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Counterfeiting the UK one-pound coin.
On July 9th 2003 Paul Boateng, from the Treasury, stated in a Parliamentary answer that independent analysis commissioned by the Royal Mint, on a sample of one pound coins collected in late 2002, showed just under one percent were counterfeit. He stated that there is uncertainty as to the extent to which the sample could be regarded as reliable. This was slightly amplified by Gerald Sheehan, Deputy Master of the Royal Mint, in evidence to the Treasury Sub-committee on November 5th 2003. He emphasised that it was only an estimate but the survey showed about 13 million counterfeit one-pound coins were in circulation. He said it was very difficult to prove this figure one way or the other but stated that the anecdotal evidence from the banks and Post Office was that it was significantly less than 13 million. The Mint is to initiate a major study on the subject, in the next few months.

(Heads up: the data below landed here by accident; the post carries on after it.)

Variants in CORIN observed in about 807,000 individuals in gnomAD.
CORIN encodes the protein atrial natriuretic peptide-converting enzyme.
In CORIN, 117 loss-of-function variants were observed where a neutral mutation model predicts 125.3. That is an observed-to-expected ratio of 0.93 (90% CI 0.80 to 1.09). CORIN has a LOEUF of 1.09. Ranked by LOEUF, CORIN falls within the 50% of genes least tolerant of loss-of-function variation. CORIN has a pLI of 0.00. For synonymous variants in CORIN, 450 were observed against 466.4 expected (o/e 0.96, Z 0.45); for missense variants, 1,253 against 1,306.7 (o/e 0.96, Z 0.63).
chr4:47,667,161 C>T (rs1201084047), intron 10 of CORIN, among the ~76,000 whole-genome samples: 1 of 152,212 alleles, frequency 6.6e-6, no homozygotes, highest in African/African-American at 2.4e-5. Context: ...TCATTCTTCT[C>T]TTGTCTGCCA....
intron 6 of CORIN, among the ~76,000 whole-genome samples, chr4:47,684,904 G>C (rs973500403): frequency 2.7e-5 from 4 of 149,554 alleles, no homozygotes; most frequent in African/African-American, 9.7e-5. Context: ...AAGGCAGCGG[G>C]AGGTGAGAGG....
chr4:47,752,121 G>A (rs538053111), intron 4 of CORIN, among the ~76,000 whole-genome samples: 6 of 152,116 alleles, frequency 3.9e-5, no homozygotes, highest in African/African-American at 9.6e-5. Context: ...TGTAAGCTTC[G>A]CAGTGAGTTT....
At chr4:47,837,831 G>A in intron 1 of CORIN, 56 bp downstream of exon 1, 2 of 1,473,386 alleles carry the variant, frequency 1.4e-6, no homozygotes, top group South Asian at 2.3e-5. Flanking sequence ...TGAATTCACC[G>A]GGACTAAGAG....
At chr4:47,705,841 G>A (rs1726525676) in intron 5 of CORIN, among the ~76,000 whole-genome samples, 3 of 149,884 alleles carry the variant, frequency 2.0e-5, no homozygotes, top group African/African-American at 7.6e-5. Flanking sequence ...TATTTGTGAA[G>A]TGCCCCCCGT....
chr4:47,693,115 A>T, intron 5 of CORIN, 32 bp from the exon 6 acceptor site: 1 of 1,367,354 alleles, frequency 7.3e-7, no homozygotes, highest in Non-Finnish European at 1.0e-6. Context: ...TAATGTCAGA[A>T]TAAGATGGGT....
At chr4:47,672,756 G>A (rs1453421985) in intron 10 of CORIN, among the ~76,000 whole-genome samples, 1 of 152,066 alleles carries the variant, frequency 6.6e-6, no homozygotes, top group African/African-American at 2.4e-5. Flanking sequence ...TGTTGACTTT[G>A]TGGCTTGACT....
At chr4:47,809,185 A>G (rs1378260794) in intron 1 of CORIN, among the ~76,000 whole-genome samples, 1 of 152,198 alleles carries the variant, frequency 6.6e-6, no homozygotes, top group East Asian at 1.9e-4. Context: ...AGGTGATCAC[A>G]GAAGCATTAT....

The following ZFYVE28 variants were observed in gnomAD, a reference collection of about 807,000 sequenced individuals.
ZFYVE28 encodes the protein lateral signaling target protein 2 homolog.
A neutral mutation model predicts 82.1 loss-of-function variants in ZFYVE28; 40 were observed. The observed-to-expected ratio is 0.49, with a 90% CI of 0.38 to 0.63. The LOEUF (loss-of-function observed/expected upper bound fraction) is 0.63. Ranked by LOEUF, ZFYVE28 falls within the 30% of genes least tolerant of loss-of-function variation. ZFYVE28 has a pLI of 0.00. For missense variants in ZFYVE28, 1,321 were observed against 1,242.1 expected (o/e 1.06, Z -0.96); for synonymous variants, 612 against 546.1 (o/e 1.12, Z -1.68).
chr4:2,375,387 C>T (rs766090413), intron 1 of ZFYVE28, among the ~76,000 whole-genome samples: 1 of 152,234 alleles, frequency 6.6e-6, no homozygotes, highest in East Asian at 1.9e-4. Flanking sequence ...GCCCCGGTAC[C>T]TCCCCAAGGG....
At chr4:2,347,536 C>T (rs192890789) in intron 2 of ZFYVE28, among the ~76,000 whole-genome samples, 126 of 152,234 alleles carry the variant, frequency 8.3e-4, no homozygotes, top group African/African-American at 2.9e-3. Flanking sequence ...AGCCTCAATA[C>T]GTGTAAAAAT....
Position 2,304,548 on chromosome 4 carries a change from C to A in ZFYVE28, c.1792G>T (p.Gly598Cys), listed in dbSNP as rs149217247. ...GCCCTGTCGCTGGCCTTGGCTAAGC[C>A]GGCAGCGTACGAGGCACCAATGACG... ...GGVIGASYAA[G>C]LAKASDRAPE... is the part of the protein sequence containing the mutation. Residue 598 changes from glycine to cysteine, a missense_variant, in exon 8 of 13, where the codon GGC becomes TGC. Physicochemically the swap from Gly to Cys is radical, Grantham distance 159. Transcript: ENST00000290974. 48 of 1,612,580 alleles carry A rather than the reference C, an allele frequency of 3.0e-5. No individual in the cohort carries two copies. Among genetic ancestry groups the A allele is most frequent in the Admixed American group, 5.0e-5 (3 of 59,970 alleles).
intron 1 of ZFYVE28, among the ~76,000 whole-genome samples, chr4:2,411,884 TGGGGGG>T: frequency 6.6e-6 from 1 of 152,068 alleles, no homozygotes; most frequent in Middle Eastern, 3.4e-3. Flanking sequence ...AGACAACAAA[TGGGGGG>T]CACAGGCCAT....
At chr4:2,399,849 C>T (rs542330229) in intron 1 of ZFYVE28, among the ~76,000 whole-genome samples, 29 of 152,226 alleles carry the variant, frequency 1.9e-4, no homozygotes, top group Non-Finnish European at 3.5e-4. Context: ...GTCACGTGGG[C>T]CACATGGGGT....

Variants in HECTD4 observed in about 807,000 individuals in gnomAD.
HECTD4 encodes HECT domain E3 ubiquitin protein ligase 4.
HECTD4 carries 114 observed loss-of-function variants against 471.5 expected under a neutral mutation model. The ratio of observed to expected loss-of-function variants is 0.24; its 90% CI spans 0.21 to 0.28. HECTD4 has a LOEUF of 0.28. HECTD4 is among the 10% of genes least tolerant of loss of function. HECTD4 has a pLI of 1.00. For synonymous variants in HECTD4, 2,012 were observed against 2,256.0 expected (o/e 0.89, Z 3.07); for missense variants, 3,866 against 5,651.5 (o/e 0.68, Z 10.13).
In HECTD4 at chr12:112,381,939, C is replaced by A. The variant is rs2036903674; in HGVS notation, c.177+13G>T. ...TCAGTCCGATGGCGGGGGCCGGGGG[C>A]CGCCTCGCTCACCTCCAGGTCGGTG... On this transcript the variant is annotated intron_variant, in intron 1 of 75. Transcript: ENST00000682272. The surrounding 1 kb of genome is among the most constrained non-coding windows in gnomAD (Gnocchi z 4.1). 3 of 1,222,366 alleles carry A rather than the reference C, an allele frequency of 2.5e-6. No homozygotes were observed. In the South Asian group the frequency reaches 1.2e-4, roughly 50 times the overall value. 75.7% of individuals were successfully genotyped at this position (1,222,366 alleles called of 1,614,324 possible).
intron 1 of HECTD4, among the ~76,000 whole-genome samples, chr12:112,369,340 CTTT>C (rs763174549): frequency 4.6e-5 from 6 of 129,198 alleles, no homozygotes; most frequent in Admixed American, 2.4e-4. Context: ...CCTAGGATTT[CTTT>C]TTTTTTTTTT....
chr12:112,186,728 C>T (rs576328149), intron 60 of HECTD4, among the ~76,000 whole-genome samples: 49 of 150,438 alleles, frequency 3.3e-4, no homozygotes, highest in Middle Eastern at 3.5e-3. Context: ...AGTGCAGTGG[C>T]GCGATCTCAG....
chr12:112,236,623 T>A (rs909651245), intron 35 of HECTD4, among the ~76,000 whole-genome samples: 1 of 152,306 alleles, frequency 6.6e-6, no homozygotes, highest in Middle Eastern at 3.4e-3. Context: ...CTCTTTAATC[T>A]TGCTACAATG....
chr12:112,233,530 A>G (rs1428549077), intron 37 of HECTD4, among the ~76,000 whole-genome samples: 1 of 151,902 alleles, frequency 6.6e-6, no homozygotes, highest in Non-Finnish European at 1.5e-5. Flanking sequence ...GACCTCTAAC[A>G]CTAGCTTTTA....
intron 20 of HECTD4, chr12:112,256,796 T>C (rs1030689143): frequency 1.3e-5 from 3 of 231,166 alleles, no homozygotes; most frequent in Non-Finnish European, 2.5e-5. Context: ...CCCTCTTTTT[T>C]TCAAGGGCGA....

There are two main classes of one-pound counterfeits being produced, ref.1. The first are cast lead or tin based pieces coated with brass. The second are struck brass pieces. The lead or tin pieces can vary in quality but wear rapidly and are eventually identified by the banks and Post Office and withdrawn from circulation. It is my opinion that, if this estimate of numbers is correct, the vast majority of the pieces are the brass counterfeits. The banks estimates of numbers are probably not worth very much because their sorting machines and tellers cannot identify these pieces.
Examples of one-pound counterfeits
The next questions that spring to mind are from where are the coins originating? And are the police being successful in stopping their manufacture? After scouring the local press of the last four or five years, I can find four court cases for manufacturing the lead or tin based pieces. They were in Scotland, the Midlands and the North of England. The most serious case involved two Blackburn men who had a "factory" in Heckmondwike, West Yorkshire. In 2000, they were arrested with £20,000 worth of counterfeits on them.